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Delirium

Definition

Delirium is sudden severe confusion and rapid changes in brain function that occur with physical or mental illness.

Alternative Names

Acute confusional state; Acute brain syndrome

Causes, incidence, and risk factors

Delirium is most often caused by physical or mental illness and is usually temporary and reversible. Many disorders cause delirium, including conditions that deprive the brain of oxygen or other substances.

Causes include:

Symptoms

Delirium involves a quick change between mental states (for example, from lethargy to agitation and back to lethargy).

Symptoms include:

  • Changes in alertness (usually more alert in the morning, less alert at night)
  • Changes in feeling (sensation) and perception
  • or awarenessChanges in level of consciousness
  • Changes in movement (for example, may be slow moving or hyperactive)
  • Changes in sleep patterns, drowsiness
  • Confusion (disorientation) about time or place
  • Decrease in short-term memory and recall
  • Disrupted or wandering attention
  • Disorganized thinking
  • Emotional or personality changes
  • Incontinence
  • Movements triggered by changes in the nervous system (psychomotor restlessness )

Signs and tests

The following tests may have abnormal results:

  • An exam of the nervous system (neurologic examination), including tests of feeling (sensation), thinking (cognitive function), and motor function
  • Neuropsychological studies

The following tests may also be done:

Treatment

The goal of treatment is to control or reverse the cause of the symptoms. Treatment depends on the condition causing delirium. The person may need to stay in the hospital for a short time.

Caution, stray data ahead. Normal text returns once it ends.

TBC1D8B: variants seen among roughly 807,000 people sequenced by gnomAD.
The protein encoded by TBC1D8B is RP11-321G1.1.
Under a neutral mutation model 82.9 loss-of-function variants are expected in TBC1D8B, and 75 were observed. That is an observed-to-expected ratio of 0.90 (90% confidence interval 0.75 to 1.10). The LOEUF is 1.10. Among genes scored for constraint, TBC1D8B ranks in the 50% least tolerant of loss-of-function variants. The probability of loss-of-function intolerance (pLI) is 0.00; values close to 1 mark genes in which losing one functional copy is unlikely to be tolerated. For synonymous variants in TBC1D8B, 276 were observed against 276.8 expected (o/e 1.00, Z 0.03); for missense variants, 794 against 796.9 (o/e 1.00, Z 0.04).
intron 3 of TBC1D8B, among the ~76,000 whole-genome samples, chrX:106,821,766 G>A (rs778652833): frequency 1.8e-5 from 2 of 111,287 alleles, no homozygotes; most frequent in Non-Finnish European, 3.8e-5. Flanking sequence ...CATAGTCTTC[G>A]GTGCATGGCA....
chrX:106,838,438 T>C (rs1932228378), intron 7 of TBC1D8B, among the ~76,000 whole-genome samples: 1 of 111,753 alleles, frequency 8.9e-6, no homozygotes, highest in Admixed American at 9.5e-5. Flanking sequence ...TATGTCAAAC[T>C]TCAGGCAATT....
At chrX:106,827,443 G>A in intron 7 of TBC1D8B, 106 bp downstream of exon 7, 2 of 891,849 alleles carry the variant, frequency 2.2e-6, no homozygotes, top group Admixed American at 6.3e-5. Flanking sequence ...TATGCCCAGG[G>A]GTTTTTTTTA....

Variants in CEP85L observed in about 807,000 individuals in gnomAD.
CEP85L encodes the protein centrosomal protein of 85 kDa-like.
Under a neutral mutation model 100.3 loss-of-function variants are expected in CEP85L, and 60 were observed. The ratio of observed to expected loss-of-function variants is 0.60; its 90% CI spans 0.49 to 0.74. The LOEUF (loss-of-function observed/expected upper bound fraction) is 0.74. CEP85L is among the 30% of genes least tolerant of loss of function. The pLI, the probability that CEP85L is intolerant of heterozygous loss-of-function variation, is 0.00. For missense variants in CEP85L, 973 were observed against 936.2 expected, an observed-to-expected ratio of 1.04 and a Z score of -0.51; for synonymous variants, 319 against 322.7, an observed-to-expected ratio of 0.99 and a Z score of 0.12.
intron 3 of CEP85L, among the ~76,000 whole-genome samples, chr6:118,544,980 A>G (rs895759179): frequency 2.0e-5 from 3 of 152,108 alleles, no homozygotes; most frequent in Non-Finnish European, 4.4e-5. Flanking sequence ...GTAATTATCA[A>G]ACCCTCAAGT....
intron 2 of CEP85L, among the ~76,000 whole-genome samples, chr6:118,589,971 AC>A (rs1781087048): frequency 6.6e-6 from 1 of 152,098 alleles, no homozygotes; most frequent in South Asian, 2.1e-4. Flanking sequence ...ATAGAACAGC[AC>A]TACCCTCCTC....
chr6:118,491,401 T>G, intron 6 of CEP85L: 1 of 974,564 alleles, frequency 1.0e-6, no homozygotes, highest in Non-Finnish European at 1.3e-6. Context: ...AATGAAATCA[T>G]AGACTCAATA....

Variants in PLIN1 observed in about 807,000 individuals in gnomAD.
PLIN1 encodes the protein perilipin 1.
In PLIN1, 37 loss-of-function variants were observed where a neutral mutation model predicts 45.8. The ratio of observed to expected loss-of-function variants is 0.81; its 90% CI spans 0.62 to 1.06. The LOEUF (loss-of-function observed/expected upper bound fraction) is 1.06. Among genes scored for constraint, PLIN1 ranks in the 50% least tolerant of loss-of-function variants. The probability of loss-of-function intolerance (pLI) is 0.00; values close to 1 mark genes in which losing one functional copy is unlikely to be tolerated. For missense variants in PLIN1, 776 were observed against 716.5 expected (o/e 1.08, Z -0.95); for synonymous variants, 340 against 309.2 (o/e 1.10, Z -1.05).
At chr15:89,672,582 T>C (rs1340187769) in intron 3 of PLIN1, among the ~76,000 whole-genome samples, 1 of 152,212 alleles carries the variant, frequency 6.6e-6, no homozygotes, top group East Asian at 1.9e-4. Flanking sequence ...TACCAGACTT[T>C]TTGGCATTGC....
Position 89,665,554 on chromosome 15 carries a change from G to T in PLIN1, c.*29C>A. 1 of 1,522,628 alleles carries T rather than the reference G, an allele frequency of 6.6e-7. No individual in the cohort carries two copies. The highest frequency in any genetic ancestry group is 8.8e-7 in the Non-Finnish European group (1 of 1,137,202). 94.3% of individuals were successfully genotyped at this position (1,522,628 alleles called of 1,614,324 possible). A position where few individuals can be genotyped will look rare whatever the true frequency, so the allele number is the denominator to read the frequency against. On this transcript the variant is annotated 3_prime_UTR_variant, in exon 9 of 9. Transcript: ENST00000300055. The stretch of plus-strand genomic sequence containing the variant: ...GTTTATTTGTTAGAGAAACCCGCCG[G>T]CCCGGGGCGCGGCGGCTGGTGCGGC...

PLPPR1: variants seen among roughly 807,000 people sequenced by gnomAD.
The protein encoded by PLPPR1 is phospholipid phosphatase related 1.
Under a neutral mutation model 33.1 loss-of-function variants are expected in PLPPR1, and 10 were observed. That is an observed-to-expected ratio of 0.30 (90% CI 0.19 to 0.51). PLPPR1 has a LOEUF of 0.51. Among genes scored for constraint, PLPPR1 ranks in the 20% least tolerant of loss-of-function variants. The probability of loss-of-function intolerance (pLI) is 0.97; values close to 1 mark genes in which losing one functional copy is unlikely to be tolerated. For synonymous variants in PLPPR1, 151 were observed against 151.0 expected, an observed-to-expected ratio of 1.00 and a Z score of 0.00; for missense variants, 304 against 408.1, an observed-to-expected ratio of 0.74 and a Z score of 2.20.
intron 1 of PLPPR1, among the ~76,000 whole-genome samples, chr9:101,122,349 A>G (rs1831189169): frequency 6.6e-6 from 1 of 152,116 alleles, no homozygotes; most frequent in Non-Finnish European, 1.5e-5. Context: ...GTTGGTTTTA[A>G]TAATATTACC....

Stopping or changing medications that worsen confusion, or that are not necessary, may improve mental function. Substances and medicines that can worsen confusion include:

  • Alcohol
  • , especially narcotics such as codeine, hydrocodone, morphine, or oxycodoneAnalgesics
  • Anticholinergics
  • depressantsCentral nervous system
  • Cimetidine
  • Recreational drugs
  • Lidocaine

Disorders that contribute to confusion should be treated. These may include:

Treating medical and mental disorders often greatly improves mental function.

Medicines may be needed to control aggressive or agitated behaviors. These are usually started at very low dosages and adjusted as needed:

  • Antidepresssants (fluoxetine, citalopram), if depression is present
  • blockers (haloperidol, quetiapine, or risperidone are most commonly used)Dopamine
  • Sedatives (clonazepam or diazepam) in cases of delirium due to alcohol or sedative withdrawal
  • Thiamine

Some people with delirium may benefit from hearing aids, glasses, or cataract surgery .

Other treatments that may be helpful:

Support Groups

Expectations (prognosis)

Acute conditions that cause delirium may occur with chronic disorders that cause dementia . Acute brain syndromes may be reversible by treating the cause.

Delirium often lasts only about 1 week, although it may take several weeks for mental function to return to normal levels. Full recovery is common.

Complications

  • Loss of ability to function or care for self
  • Loss of ability to interact
  • Progression to stupor or coma
  • Side effects of medications used to treat the disorder

Calling your health care provider

Call your health care provider if there is a rapid change in mental status .

Prevention

Treating the conditions that cause delirium can reduce its risk. In hospitalized patients, avoiding sedatives, staying still (immobilization), and bladder catheters, and using reality orientation programs will reduce the risk of delirium in those at high risk.

References

Mendez MF, Kremen SA. Delirium. In: Daroff RB, Fenichel GM, Jankovic J, Mazziotta JC, eds. 6th ed. Philadelphia, PA: Elsevier Saunders; 2012:chap 4.

Rudolph JL, Marcantonio ER. Delirium. In: Duthie EH Jr., Katz PR, Malone ML. 4th ed. Philadelphia, PA: Elsevier Saunders; 2007:chap 26.

Encyclopedia content is provided as information only and not intended to replace the advice and instruction from your personal physician.